Cannabis Industry Fire Safety

Cannabis Growing & Processing Fire Protection

The cannabis industry has gone through a rapid expansion and with the expansion comes an increase in cultivation as well as extraction facilities. But, as with any industrial process, production comes with an assortment of hazards.

The NFPA Standards Council has approved the development of NFPA 420 (Fire Protection of Cannabis Growing and Processing Facilities Standard). This new standard, which was originally proposed in response to serious fires that have occurred at cannabis facilities in recent years, will provide clear guidance on fire protection standards for facilities that produce, process, and extract cannabis.

The number of states passing laws to permit the use of cannabis for medicinal and recreational purposes continues to increase, and this has many jurisdictions trying to navigate uncharted territory. The first step in understanding what safety risks are present in a cannabis-related facility is knowing what type of facility is being proposed or inspected.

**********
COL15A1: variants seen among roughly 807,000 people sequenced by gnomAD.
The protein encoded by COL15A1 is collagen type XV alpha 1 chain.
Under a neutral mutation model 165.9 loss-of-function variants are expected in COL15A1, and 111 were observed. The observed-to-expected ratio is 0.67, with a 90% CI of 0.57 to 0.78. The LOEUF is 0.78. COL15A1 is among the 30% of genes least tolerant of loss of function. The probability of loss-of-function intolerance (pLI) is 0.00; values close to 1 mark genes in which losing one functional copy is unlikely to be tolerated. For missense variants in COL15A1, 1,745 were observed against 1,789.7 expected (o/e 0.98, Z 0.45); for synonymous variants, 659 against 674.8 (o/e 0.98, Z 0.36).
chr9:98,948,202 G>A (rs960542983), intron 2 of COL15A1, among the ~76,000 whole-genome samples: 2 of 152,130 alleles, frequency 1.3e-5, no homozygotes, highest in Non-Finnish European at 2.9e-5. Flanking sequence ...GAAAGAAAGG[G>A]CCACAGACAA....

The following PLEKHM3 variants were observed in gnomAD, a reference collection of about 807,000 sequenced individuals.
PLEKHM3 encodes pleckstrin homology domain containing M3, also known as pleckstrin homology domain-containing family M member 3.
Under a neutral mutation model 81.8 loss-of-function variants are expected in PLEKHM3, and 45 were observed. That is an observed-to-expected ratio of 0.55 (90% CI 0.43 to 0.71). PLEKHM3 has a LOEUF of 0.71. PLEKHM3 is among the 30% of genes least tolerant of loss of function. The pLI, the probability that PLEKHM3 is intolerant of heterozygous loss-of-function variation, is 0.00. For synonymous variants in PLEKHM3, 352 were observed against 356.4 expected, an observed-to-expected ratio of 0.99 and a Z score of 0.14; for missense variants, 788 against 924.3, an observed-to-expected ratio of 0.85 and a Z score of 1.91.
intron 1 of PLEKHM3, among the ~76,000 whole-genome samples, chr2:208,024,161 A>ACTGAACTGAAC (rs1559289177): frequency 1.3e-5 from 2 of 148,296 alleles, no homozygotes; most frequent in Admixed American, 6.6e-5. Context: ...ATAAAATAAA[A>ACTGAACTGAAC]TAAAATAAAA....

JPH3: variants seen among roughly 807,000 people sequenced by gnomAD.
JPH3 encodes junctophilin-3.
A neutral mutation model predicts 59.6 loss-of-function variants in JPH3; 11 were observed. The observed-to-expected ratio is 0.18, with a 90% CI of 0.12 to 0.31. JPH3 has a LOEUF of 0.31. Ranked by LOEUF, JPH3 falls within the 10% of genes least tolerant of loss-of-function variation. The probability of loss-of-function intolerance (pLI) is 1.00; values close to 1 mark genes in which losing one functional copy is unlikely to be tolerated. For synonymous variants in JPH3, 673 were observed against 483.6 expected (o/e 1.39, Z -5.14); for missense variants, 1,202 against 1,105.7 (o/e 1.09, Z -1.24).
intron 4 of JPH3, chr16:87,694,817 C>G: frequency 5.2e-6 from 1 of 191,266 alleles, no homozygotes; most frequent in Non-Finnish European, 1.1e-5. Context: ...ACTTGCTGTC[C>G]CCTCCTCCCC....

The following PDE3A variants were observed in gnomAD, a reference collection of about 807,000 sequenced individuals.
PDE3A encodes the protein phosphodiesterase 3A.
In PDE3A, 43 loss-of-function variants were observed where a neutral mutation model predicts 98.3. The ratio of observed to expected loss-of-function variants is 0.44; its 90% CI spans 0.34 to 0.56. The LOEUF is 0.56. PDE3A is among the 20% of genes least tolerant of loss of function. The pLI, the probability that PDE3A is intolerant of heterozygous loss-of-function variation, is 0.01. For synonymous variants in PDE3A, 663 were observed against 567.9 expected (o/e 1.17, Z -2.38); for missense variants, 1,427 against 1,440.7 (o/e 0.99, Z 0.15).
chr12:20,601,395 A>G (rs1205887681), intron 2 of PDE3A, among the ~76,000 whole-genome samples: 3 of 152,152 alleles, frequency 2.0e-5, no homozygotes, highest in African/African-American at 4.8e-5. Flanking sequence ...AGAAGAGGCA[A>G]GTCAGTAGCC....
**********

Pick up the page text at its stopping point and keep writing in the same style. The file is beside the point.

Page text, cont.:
Often, cannabis-related facilities will focus on one aspect of the industry: growing, processing, or selling. Each of these types of facilities presents unique hazards and related safety issues.

 

Cannabis Industry Facilities

Not all fire hazards present in cannabis facilities are unique to the industry, so it is important to remember that the fire code, building code, and other applicable regulations might already have provisions for dealing with some of the hazards present.